“I sometimes see my role as a matchmaker between art and people,” says architect Kulapat Yantrasast, the peripatetic principal of high-profile firm wHY. “The aim is to create an uplifting space with great light and qualities that allow both of them to be together in confidence and comfortability. Then I can recede into the background and let the magic work.”
Born in Bangkok, Yantrasast honed his timeless aesthetic under the watchful eye of celebrated Japanese architect Tadao Ando before striking out on his own in 2004. Today his practice, which counts offices in New York and Los Angeles, has 30 employees and a host of projects under its belt, among them the Marciano Art Foundation and David Kordansky Gallery (both in L.A.), Kentucky’s Speed Art Museum, and the new Tribeca outpost of design gallery R & Company. His uncanny ability to create buildings as understated as they are compelling has led to two of his highest-profile commissions: renovations at the Metropolitan Museum of Art and the American Museum of Natural History in New York.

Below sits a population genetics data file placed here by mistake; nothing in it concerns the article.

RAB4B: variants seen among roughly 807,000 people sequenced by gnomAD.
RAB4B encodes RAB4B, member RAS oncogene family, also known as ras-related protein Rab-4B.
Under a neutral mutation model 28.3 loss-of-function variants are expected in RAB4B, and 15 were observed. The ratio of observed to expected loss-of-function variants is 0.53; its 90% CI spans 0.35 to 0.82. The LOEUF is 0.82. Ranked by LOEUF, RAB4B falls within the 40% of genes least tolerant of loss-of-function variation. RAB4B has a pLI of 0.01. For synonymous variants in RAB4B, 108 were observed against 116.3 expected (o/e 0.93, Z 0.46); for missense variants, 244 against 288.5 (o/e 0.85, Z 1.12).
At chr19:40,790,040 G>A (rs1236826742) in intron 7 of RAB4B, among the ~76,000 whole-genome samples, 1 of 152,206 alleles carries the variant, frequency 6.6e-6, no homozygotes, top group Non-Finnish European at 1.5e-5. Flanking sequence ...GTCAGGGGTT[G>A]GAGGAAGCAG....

Most recently, Yantrasast made a splash by crafting the temporary pavilion for the inaugural edition of the art fair Frieze L.A., which launched in February. He found this commission a particularly encouraging sign of the growing influence of cultural movers and shakers: “I hope in the future that art gets to play a larger role in empathy and diplomacy for the world.”
A version of this article first appeared in print in our 2019 Spring Issue under the headline Creative Minds. Subscribe to the magazine.